times, using a variety of colors so that there are lots of little hand prints. Once everything dries, cut the prints out. On another piece of paper, assemble and glue the hand cut-outs around the foot print so that the finger impressions form the turkey’s feathers. Use other pieces of colored paper as the bird’s eyes, beak and wattle. Did someone say “Happy Thanksgiving?”

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NOVEMBER 2012

Community groups offer parents helpful resources Kindering Center

Kindering Center, a not-for-profit neurodevelopmental center, has been providing comprehensive services for children with special needs and their families since 1962. Each year, thousands of infants and children receive crucial therapies, special education and counseling. It offers the following programs: q Father’s Network connects men with other dads, resources, information and education, plus opportunities for “all family” celebrations. Focus is on assisting fathers as they become more competent and compassionate caregivers for their children with special needs. Meetings are the second and fourth Saturdays from 9:30 a.m. to noon at 16120 N.E. Eighth St., Bellevue. Call 653-4282. q Mother’s Circle is a community of women raising children with special needs, from newborns to age 6, sharing emotional support, promoting advocacy and creating solutions. Meetings are the first and third Wednesday from 6:30-8 p.m. at 16120 N.E. Eighth St., Bellevue. Call 653-4306. q Unexpected Journey is a four-week discussion series for parents of children with special health care needs and/ or developmental dis-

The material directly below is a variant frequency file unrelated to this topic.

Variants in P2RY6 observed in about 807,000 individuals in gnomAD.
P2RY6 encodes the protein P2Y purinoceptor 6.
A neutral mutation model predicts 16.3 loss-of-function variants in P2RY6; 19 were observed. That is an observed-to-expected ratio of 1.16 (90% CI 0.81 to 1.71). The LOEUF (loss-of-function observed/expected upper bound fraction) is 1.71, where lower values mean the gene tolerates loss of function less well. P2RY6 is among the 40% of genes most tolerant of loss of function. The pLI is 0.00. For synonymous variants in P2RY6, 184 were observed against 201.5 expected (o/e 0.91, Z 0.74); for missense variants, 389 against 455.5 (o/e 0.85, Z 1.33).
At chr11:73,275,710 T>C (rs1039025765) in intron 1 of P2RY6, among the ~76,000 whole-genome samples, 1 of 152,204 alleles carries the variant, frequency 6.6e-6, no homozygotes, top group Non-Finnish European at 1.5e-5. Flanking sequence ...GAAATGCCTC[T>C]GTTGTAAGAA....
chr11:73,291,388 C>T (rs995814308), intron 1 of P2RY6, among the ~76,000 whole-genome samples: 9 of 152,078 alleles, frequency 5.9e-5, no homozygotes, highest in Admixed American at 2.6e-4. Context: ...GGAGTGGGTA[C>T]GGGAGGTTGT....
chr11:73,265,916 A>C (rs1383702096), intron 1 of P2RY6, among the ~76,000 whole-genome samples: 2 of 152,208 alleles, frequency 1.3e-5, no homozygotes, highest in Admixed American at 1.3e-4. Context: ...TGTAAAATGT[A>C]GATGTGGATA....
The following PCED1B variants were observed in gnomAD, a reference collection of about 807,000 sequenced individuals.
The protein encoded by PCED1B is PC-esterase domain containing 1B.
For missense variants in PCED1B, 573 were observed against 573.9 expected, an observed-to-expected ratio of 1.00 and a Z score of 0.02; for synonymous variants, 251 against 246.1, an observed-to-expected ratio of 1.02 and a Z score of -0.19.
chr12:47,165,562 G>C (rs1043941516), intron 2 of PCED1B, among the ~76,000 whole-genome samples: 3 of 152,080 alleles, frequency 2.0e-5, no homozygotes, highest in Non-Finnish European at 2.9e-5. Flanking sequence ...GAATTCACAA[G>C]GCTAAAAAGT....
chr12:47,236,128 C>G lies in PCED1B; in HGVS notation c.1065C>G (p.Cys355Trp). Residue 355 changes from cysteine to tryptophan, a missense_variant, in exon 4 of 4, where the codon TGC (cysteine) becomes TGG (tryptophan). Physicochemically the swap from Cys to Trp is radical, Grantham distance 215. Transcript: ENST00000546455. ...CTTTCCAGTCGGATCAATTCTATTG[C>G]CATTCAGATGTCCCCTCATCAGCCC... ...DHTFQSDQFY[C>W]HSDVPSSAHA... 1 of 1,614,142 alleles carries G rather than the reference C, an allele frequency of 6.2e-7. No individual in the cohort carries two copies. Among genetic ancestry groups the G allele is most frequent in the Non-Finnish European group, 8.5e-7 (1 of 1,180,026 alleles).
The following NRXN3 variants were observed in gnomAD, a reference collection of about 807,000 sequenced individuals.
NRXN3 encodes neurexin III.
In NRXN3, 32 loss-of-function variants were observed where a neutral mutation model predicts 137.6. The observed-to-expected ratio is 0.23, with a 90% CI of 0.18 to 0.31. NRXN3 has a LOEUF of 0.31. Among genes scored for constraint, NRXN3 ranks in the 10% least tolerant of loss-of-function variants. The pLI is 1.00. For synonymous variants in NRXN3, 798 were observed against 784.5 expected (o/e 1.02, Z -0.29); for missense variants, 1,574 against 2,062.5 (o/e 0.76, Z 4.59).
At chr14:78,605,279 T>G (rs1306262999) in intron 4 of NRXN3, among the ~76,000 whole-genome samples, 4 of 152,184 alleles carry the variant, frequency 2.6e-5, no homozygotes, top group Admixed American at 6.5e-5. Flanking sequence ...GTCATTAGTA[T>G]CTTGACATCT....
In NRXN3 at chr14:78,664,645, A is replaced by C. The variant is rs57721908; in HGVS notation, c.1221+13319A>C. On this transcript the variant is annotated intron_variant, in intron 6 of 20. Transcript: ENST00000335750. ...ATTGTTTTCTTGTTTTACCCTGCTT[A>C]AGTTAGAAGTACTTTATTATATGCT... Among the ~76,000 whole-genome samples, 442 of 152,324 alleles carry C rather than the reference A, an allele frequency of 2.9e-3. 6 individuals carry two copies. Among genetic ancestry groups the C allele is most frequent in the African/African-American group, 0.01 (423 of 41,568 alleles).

abilities. It is an opportunity to learn from the challenges and appreciate the joys of raising kids with special needs. Couples are encouraged to attend. Call 653-4286 for meeting times. q Parent Education Class is designed for parents of children from 2 to 12 years old. Parents who complete the 10week program are invited to participate in a monthly support group. The program instructor is available for individual parenting consultation. The next session meets from 6-8 p.m. Nov. 21 through Feb. 6. Call 6534302.

Childcare Resources

Childcare Resources will help you identify childcare options in your area. There is an incomebased fee. Call the referral line at 206-329-5544 or 1-877-512-3948 toll free, or go to www.childcare.org.

Youth Eastside Services

Youth Eastside Services presents Healthy Start, a home-visiting program for young, first-time parents who are pregnant or caring for their first child who is younger than 6 months of age. Teen mothers get consistent, nonjudgmental support for themselves and their babies. Early support and intervention promotes strong parentchild bonding, healthy

child development and optimal brain development, all of which lead to school success. Call 747-4937.

Encompass

Encompass is an independent, nonprofit, children’s and familyservices organization established in 1966. Its mission is to nurture children, enrich families and inspire community. Programs nurture typical and developmentally challenged children, enrich families in all their diversity and inspire community throughout the Snoqualmie Valley, Issaquah, Sammamish and the greater Eastside. Encompass Issaquah is in Blakely Hall, 2550 N.E. Park Drive, in the Issaquah Highlands. See a complete list of programs at www. encompassnw.org. Programs Encompass offers include: q Mom’s Moment is a support group for parents and caregivers of children with special needs. Participants gather to share information regarding resources and, most importantly, camaraderie with others in a similar situation. Call 888-2777. q The Early Intervention for Infants and Toddlers Birth-to-3 program provides therapeutic developmental services for children with special needs. Call 888-3347,

ext. 2309. q The Parent-Child Home Program is a national program that supports young children’s early literacy and school readiness. It bridges gaps in achievement, preparing children to enter school as ready to be successful students as their more advantaged peers. In this evidence-based program, participants show significant gains in high school graduation rates. Call 888-2777, ext. 1219.